July 2022 saw a global cohort of January participants descend into London for a week of knowledge sharing and condensing everything learnt, discussed, and discovered into a series of meaningful immersion sessions.The 'deep-dive' week was kicked off by Paul Polman, the author of Net Positive: How Courageous Companies Thrive by Giving More Than They Take. Mr. Polman highlighted how crucial it is for everyone to take responsibility towards tackling the climate crisis. Globally, people need to understand that we can no longer speak about long term strategies where climate change is concerned. What were previously thought to be 'future plans' are no longer relevant as this problem is accelerating faster than anticipated, and we don’t want to miss the small window of progress which is rapidly closing. 

Governments, corporations, organizations, and citizens, all need to work together because the scale of these issues is growing faster than we can provide solutions. There needs to be a system change that requires a hyper-connected community. This is a call to CEOs to become collectively courageous in addressing multiple environmental issues; to leverage off each other and new experiences, resulting in increased confidence to scale projects and innovate at speed.

I particularly appreciate this concept of purpose-driven collaborations and conversations by corporates. I believe that this should be an inclusive approach - not just major corporates, but small players too - because if we embrace a supportive and inclusive culture, then there is more room for innovative thinking and transformation.

The January programme’s ‘Deep-Dive’ immersions exposed us to local businesses and multinational organizations to better understand how they are tackling the issue of climate change within their sector, and if they are making any strides in changing their habits and those of their stakeholders. These organizations varied; from local shelters, to global mining and construction corporates. Each had its unique set of challenges, each requiring a select skill set that needed to be deployed to address these issues.

We know that none of what we need to do can be done single-handedly. It is about working together, not only for our survival and longevity, but also for inter-generational, intra-generational, inter-species preservation.

My questions for all of us are:  

  1. Do we want to get better or not? 
  2. We have been given the opportunity to do something different regarding this climate crises, can we do better than what we have done?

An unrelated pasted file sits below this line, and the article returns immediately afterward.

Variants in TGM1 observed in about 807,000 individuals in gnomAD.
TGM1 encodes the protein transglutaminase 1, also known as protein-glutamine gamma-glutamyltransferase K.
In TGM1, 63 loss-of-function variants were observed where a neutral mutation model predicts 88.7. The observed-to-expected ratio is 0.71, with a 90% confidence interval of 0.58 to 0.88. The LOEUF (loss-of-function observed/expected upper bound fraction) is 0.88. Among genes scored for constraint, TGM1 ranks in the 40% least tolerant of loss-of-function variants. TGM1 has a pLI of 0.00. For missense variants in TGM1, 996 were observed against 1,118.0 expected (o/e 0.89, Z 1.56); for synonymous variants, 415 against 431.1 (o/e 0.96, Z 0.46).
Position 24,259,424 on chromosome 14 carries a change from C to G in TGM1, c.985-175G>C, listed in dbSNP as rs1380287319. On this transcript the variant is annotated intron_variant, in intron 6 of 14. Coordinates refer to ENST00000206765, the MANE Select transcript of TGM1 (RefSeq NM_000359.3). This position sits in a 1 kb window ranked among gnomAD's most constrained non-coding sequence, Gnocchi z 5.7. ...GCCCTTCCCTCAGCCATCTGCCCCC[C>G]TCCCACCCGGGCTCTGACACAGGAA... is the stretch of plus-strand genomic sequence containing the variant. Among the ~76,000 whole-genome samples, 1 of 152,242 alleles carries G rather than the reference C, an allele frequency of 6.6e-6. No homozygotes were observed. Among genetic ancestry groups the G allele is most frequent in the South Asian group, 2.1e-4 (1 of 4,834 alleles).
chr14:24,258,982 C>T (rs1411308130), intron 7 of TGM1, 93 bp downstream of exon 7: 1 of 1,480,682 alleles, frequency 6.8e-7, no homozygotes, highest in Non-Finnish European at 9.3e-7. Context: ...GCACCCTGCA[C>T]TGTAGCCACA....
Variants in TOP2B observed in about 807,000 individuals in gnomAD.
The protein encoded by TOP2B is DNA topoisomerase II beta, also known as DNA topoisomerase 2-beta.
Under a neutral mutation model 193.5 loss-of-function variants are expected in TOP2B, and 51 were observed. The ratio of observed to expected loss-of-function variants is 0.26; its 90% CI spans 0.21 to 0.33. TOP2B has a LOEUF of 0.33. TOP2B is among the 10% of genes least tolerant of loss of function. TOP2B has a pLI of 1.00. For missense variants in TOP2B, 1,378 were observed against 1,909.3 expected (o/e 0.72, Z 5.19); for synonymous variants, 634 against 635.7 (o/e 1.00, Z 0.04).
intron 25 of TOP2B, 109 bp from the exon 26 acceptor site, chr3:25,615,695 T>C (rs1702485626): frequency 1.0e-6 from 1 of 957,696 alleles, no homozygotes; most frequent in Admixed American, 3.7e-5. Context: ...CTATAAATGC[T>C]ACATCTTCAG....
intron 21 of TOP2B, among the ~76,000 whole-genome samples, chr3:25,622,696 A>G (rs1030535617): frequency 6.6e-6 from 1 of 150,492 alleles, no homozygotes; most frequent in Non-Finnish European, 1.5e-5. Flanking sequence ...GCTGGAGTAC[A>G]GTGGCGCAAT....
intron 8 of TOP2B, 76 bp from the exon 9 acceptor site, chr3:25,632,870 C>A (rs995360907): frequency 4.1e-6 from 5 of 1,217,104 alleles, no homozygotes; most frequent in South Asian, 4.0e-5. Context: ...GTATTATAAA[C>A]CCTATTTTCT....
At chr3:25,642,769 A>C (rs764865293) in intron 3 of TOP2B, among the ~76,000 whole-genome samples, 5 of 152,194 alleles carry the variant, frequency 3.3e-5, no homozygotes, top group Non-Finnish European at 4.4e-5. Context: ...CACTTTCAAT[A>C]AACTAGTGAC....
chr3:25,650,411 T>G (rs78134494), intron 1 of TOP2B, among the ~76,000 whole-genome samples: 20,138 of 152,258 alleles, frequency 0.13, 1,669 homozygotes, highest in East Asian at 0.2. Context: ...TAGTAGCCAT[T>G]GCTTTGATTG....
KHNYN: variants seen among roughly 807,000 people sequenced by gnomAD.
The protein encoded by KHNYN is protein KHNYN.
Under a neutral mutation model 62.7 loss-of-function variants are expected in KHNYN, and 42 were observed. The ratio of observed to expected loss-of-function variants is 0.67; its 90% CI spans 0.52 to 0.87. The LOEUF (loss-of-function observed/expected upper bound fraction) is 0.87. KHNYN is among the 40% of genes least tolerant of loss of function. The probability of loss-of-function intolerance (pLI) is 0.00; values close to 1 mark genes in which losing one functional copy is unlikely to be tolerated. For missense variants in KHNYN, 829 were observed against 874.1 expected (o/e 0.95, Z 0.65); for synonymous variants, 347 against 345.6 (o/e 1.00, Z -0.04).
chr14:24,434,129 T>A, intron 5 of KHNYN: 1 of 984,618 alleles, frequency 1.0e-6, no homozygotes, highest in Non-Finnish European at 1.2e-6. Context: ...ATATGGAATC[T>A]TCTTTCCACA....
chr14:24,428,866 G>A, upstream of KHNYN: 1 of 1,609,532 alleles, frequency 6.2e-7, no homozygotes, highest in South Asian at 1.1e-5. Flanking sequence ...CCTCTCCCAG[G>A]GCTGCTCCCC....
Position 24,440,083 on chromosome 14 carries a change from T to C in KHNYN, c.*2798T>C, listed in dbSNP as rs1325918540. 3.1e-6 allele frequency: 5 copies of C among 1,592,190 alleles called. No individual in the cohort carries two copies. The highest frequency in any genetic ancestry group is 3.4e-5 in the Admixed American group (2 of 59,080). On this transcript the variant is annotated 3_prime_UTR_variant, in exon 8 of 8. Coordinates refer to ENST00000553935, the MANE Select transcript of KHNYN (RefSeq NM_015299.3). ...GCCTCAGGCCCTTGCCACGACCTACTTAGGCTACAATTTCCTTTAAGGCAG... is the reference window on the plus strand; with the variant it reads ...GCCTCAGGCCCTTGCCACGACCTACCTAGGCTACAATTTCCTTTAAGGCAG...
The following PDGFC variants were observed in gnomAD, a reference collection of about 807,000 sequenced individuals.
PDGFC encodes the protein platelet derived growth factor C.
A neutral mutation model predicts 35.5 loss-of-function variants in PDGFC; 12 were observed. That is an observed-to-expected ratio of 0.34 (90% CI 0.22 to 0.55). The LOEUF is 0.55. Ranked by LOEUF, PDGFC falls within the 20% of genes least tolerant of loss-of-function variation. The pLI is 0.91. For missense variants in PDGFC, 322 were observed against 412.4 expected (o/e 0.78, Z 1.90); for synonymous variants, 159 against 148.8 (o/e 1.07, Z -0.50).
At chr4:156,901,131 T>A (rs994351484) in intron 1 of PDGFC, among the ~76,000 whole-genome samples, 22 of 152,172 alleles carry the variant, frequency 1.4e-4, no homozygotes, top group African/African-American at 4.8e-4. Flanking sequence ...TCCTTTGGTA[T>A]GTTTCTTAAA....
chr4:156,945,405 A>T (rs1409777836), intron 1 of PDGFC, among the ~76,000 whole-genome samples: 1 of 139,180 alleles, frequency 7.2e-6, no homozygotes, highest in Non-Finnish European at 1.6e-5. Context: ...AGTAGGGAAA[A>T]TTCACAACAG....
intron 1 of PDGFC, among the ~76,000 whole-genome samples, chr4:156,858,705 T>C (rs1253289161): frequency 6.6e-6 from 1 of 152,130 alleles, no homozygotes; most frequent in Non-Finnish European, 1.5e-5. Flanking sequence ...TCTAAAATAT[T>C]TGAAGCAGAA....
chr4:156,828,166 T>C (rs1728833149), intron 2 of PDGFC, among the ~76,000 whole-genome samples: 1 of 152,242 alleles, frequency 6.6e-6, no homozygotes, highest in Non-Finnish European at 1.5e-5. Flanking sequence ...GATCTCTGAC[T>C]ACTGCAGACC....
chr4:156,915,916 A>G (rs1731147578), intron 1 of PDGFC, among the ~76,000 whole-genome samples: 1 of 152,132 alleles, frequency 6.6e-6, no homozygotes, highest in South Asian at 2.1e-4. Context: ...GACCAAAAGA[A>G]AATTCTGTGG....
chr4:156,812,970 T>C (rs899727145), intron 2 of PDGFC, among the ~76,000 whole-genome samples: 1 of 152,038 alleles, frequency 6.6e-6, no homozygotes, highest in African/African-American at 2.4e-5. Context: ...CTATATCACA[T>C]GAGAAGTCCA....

3. Do we want to be identified as a generation that was too selfish to do the right thing? 
  4. Are we willing to work together as politicians, governments, corporates, and people - to take the risk - and look beyond the initial monetary cost to tackle this problem? 
  5. Are we too afraid of what we may achieve together, because we have for so long been living in this self-destructive cycle? 

There needs be to a deliberate and conscious dialogue between global leaders from all continents, countries, regions, and sectors on how we can use our differences to invest not only in ourselves, but in others - our families, corporate and business spaces and those outside our sphere of influence. There needs to be ownership by everyone regarding the problem the world is facing. This is not a one person problem - no one exists in a vacuum. Climate change has a name and an address – yours! 

The programme was concluded by Jean Oelwang, founding CEO and President of Virgin Unite, who highlighted that opportunities do exist to make a difference. The underlying systems are no longer fit for purpose. The world is more interconnected than ever before and in order to survive we need to create resilient and agile leaders. If we want to re-imagine and re-invent systems, we need to collaborate at a higher rate than we are currently.  

Lessons learnt:  

  1. Good things happen when people have the right motives and do the right things. 
  2. We cannot approach the problem of Climate Change with a lacklustre attitude and brushing it off. Everyone is impacted - the evidence is all around us. 
  3. We must work together with nature and mimic what nature does to ensure that life on earth is sustainable. 
  4. Procrastination will rob our generation and future generations. 
  5. Ignorance is no excuse!

The January Global Leaders Programme is hosted by Common Purpose. It is aptly named 'January' because of what the programme hopes to achieve; unlocking innovations and inspiring global collaboration.